Five Bankruptcy Myths

Filing for bankruptcy isn’t an easy decision, especially if you’re trying to decide whether it’s the best option for you based on your circumstances. Every situation is different. Before making a decision, be informed. A number of prevalent bankruptcy myths are scary, but inaccurate. Understanding the process and knowing the difference between fact and fiction is important.

Five common bankruptcy myths

Myth #1: When you file for bankruptcy, you lose everything you have.

While types of bankruptcy and their regulations differ from state to state, some assets and property are protected when you file for bankruptcy. Protections in some states safeguard your home, money you’ve saved in a qualified retirement plan, and personal home goods and clothing. Up to certain values, your car might also be protected. In general, a person who is paying off a mortgage or car loan can keep their home or vehicle as long as they continue to make the required payments.

Myth #2: If I file for bankruptcy, I’ll never be considered for credit in the future.

Just because you file for bankruptcy doesn’t mean that you’ll never be able to open a line of credit in the future. While not all lenders might be willing to offer you credit, it’s not impossible. Those filing for bankruptcy must be responsible and judicious about opening new lines of credit for a time. As an example, if you need a vehicle, you will be able to purchase one, though you may be relegated to dealing with subprime lenders and paying higher interest rates.

Myth #3: A bankruptcy doesn’t discharge medical bills.

Medical bills are considered an unsecured contract debt. Like a personal loan or credit card debt, medical bills are dischargeable in a bankruptcy. A bankruptcy “discharge” is defined in simplistic terms as debt relief. As a result, if your bankruptcy is successful, you don’t have any obligation to pay back medical bills that were not paid for by health insurance coverage before you filed your bankruptcy petition.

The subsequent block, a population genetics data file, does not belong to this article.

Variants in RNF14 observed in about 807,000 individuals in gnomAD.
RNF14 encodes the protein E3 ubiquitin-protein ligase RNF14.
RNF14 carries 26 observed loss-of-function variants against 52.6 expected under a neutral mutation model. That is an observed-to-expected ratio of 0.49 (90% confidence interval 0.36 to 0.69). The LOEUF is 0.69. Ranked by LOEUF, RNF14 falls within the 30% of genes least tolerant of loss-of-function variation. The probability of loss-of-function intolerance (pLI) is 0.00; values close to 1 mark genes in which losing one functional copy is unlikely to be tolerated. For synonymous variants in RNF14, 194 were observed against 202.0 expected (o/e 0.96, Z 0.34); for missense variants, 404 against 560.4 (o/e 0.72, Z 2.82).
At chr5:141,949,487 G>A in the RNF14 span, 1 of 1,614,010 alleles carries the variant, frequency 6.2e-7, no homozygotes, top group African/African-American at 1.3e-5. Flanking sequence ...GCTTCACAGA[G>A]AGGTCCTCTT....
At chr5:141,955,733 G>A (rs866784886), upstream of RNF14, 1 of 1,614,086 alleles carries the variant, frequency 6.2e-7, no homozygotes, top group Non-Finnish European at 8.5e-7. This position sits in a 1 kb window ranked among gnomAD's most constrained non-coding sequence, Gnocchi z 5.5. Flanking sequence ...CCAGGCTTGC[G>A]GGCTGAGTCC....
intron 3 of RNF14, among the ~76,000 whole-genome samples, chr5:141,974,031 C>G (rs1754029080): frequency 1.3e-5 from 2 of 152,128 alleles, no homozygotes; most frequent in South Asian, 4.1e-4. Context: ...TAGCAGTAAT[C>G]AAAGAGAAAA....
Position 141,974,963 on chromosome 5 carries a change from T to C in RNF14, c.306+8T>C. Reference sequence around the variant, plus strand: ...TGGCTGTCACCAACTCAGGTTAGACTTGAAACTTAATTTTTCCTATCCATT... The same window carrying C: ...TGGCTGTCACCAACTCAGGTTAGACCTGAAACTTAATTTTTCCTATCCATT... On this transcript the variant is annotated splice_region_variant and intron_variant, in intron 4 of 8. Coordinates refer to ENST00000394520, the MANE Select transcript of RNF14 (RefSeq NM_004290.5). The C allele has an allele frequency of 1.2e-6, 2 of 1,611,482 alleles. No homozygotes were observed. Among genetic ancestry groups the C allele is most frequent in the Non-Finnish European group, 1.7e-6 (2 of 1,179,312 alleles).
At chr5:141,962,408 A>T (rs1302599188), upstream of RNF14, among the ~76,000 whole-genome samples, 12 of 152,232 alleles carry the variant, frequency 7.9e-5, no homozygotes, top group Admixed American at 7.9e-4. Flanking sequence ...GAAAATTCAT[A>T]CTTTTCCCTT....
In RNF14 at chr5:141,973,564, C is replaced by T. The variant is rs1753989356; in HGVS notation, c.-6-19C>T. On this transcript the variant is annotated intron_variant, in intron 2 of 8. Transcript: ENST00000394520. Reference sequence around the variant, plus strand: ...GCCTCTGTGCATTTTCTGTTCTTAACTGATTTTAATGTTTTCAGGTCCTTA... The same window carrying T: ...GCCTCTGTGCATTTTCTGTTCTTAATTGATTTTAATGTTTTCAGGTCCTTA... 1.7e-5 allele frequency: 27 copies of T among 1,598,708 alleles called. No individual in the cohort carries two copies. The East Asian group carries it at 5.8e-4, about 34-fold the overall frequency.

According to federal law, medical debts are defined as a “non-priority” unsecured debt (in a Chapter 7 bankruptcy). For many carrying the burden of overwhelming medical expenses and debt, a Chapter 7 bankruptcy filing is a means to relief.

Myth #4: Bankruptcy will take care of all my debts.

Filing for bankruptcy does not eliminate all your debts. While many debts are discharged, including credit card balances, medical debt, and personal loans, others will not. For example, it is very difficult to discharge student loan debt, as well as certain income tax debt. Obligations such as past-due alimony or child support will not be discharged. In some cases, filing for bankruptcy won’t discharge you from obligations to repay based on certain contracts or agreements that you might have signed. For this reason, it’s important to consult a bankruptcy lawyer to ensure the facts in regard to your case.

Myth #5: If I file for bankruptcy, I’ll lose my job.

Every case is different. Most employers are not too concerned about a bankruptcy. However, there are some exceptions. For example, a bankruptcy could negatively impact eligibility for some positions which require a person to qualify for a bond, license, or other governmental credentials. Regardless, in most cases, the only people who may be aware of your filing for bankruptcy are creditors. If you feel that bankruptcy could be an issue with your employment, you are highly encouraged to speak to an attorney first before filing for bankruptcy. Do be aware that some local newspapers print the names of individuals who have filed for bankruptcy, due to the fact that such proceedings are public record. 

For more information about bankruptcy and what it involves call our office today at 817-335-4003.